The Dutch Public Prosecutor's Office in Arnhem is investigating whether there is enough evidence to prosecute Bishop Cornelius Schilder for the sexual abuse of an underage boy in Kenya 18 years ago, a spokesperson has confirmed to Radio Netherlands Worldwide.
By Hettie Lubberding & Robert Chesal
Bishop Schilder, now living near the Dutch village of Oosterbeek, has been interrogated by the police, according to an insider. On Monday his lawyer told RNW that Schilder denies all allegations against him.
The Dutch Public Prosecutor launched an investigation after a report surfaced earlier this year through the Deetman Commission, which is researching abuse in the Dutch Catholic Church.
The Commission refused to comment directly on the matter, but confirmed that it submits serious complaints to the Public Prosecutor's Office. The police officially logged the accusation following a request to investigate from the Public Prosecutor.
Spokesperson Ellen Prummel confirmed that the Arnhem Public Prosecutor's vice squad is considering whether or not the case "truly indicates a criminal offence, and if there are enough leads to warrant further investigation". Prummel could not confirm how long this will take. The fact that the victim is living in Kenya and has not notified the police in the Netherlands makes it a "complicated case." It is also unclear whether the abuse happened too long ago to be prosecuted under Dutch law.
The accuser, 32-year-old Michael ole Uka, claims he was abused for years by various foreign priests in Kenya. He came forward in 2005 and informed the church authorities of his allegations when he suffered such severe injuries from abuse that he required urgent medical treatment. The treatment was paid for by the Mill Hill Missionaries, the congregation to which the accused priests and Dutch bishop belong. Uka also received financial compensation and further aid. The congregation expatriated an Irish priest involved in the abuse. Mill Hill has relieved the priest of his duties but is still waiting for a Vatican decision to laicise him.
Uka says the abuse started when he was seven years old. Several members of the clergy allegedly 'passed him on' to each other. The abusers paid Uka's school fees, which made him feel obliged to permit the abuse, although he says: "I knew it was wrong what they were doing." In addition to Schilder, Uka says he was also abused by another Dutch priest who has since passed away.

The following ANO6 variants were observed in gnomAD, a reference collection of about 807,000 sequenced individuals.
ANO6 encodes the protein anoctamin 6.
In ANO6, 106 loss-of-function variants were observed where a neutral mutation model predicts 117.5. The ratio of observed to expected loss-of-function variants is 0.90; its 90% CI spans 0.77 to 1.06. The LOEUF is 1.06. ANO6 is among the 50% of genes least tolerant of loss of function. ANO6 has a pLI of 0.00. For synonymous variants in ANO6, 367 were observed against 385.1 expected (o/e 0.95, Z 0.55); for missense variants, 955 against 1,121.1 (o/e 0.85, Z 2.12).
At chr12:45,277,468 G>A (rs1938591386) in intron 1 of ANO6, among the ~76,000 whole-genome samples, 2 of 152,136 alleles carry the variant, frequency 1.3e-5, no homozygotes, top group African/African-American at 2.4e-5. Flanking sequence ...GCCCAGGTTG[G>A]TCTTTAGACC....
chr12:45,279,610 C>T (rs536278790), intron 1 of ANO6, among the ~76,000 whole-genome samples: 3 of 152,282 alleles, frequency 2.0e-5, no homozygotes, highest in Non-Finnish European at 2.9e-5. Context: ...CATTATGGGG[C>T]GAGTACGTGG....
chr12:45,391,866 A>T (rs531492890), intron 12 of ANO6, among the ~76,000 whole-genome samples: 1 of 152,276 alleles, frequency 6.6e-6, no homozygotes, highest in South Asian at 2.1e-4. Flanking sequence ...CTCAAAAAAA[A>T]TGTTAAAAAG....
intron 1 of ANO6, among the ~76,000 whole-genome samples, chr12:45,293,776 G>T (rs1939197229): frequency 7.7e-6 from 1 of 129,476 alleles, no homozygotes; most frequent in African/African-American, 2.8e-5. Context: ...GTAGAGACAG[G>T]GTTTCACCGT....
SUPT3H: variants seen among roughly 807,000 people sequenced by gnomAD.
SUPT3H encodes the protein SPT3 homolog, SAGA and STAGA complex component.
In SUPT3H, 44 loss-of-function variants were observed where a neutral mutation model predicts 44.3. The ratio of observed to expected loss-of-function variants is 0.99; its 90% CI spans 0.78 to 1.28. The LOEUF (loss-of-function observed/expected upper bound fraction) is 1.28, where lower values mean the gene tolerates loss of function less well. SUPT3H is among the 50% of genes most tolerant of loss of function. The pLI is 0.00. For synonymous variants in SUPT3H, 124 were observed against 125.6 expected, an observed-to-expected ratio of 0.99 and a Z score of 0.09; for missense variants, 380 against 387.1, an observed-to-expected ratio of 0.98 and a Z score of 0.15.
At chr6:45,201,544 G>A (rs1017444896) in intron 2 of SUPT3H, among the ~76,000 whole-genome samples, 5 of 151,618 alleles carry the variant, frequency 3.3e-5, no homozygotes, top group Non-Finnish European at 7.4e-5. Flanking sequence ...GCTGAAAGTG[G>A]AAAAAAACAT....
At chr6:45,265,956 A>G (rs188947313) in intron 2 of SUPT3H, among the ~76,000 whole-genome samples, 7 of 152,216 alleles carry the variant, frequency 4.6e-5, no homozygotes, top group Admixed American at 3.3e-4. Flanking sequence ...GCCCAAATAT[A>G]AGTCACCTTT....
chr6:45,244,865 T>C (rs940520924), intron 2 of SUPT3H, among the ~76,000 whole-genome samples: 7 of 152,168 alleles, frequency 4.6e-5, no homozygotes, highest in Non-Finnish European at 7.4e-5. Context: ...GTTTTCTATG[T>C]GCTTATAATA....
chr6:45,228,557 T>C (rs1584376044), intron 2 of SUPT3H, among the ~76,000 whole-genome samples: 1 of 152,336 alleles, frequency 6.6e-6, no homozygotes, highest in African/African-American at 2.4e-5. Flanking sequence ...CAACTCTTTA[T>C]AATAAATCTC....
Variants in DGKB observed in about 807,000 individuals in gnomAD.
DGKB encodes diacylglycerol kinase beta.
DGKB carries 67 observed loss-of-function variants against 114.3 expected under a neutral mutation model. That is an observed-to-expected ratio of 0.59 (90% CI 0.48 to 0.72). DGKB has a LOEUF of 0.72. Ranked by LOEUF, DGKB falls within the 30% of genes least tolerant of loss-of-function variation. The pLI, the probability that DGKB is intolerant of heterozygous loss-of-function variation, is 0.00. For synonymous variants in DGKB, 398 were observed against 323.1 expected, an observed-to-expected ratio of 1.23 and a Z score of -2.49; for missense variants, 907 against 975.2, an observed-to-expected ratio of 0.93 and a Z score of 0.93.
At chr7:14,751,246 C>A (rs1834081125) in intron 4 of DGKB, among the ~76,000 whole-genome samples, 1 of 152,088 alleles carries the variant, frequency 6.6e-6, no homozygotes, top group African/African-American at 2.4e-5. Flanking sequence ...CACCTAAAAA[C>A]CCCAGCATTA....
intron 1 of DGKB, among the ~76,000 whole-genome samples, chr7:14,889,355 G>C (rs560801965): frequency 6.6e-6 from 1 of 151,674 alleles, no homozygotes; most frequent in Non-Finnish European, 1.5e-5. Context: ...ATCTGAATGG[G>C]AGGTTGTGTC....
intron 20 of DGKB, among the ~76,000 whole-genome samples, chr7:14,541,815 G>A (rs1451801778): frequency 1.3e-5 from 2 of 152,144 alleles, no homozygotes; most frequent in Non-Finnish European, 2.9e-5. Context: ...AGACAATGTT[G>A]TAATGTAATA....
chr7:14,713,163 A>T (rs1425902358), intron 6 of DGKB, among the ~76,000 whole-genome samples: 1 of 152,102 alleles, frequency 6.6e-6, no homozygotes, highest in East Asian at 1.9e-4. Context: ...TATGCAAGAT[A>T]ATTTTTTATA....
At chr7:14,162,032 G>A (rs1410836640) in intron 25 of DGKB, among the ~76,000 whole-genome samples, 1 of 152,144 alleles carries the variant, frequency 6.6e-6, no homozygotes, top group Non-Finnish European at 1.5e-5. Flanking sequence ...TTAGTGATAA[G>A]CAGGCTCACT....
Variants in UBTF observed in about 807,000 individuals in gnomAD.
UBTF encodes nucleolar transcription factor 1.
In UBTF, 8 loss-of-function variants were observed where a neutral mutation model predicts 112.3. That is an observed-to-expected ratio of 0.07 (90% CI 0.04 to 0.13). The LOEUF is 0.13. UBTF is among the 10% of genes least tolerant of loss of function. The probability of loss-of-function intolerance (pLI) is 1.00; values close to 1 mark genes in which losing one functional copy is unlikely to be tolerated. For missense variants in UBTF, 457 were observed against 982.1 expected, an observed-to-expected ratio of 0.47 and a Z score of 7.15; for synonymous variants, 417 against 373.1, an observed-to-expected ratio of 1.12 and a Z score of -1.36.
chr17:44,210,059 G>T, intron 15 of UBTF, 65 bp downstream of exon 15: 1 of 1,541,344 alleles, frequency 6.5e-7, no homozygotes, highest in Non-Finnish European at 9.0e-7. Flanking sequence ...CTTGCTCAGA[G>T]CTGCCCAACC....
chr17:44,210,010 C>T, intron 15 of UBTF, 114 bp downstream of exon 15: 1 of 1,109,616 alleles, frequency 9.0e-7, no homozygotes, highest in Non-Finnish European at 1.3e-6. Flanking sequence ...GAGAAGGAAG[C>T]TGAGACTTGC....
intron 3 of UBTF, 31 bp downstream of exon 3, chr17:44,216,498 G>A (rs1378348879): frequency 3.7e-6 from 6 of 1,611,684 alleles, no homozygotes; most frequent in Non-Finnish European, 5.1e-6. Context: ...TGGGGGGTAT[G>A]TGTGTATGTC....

"He gave me a coffee, showed me my room and started touching me immediately" says Uka, describing his first encounter with Cornelius Schilder.
Uka told of his apparent ordeal in a documentary shown on Irish television last month and says the bishop began abusing him in 1993 when he was 14 years old. At the time, Schilder was a priest in the Kenyan diocese of Ngong. In 2003, he was promoted to bishop in Ngong.
"He asked me whether this other priest had touched me as well, and I said yes. Then he told me to touch him too and do the same things I had done to the other priest. At the time I thought all priests did these kinds of things."
The documentary on the Irish RTE network also quoted the father superior of the Mill Hill Missionaries, Anthony Chantry. According to Chantry, the case has not been reported to the Kenyan police because homosexuality is still a crime in Kenya.
Mill Hill earlier told Radio Netherlands Worldwide that a congregation official in Kenya had discussed the accusations with both the bishop and the victim. It was then decided to ask the Archbishop of the Roman Catholic Church in Kenya and the Papal Nuncio, the Ambassador to the Vatican in Nairobi, to conduct an ecclesiastical investigation. Both declined to take action.
After repeated failed requests by the Mill Hill Missionaries, the Vatican finally intervened three years later, according to an insider. In August 2009 the Dutch bishop was summoned to Rome for a "very serious conversation". He did not return to Kenya but went into immediate retirement in a Mill Hill home in the Dutch town of Oosterbeek.
False and inappropriate
Rome's official line is that Bishop Schilder has health problems. Since 2009 he has no longer been allowed to carry out the duties of a bishop and as a priest he has been placed under supervision of Mill Hill. This makes him the first Dutch bishop to be punished by the Vatican for sexual abuse of a minor.
As Michael ole Uka sees it, justice has not been done. His life has been ruined, "while the bishop enjoys his pension in Europe". Bishop Schilder denies the accusation and has until now been unwilling to speak to the media. On Monday, however, he told RNW via his lawyer that "Michael ole Uka's accusation of sexual abuse is false."
Bishop Schilder also added that he "considers it inappropriate to issue a statement as long as an investigation is ongoing." He says he regrets that the media have publicised the matter before investigations are completed.